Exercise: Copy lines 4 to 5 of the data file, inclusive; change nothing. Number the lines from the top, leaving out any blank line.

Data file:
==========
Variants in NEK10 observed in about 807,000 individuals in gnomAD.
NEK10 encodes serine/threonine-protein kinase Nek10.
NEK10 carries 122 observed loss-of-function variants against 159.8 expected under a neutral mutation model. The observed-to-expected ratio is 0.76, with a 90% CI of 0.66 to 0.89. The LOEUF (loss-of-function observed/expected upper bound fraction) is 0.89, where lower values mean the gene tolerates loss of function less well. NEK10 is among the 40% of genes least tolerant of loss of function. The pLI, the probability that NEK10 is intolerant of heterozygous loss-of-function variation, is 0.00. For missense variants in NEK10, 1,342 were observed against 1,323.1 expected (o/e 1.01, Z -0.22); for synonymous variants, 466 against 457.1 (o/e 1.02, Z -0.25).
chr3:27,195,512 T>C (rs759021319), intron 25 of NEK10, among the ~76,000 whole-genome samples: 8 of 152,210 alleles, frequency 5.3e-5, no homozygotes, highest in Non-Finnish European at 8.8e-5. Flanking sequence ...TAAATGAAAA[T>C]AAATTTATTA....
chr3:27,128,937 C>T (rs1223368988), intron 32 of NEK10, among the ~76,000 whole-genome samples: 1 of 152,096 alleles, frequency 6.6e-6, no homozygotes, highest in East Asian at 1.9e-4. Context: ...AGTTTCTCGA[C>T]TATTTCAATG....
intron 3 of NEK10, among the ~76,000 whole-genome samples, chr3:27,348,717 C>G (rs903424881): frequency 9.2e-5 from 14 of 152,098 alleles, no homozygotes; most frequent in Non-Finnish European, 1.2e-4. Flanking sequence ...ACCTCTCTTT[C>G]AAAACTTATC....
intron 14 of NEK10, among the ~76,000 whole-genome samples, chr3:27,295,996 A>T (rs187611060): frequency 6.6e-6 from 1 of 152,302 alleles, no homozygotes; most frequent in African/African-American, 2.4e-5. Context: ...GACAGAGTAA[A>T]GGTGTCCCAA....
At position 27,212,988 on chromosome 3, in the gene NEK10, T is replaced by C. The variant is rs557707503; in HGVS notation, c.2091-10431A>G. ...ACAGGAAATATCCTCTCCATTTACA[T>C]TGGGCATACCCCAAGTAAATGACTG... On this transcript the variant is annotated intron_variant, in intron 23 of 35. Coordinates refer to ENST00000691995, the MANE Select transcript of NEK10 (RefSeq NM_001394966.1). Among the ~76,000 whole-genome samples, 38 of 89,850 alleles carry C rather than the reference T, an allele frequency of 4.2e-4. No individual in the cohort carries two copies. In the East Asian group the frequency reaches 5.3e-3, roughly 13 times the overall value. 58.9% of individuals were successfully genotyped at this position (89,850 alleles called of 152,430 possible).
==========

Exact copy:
chr3:27,195,512 T>C (rs759021319), intron 25 of NEK10, among the ~76,000 whole-genome samples: 8 of 152,210 alleles, frequency 5.3e-5, no homozygotes, highest in Non-Finnish European at 8.8e-5. Flanking sequence ...TAAATGAAAA[T>C]AAATTTATTA....
chr3:27,128,937 C>T (rs1223368988), intron 32 of NEK10, among the ~76,000 whole-genome samples: 1 of 152,096 alleles, frequency 6.6e-6, no homozygotes, highest in East Asian at 1.9e-4. Context: ...AGTTTCTCGA[C>T]TATTTCAATG....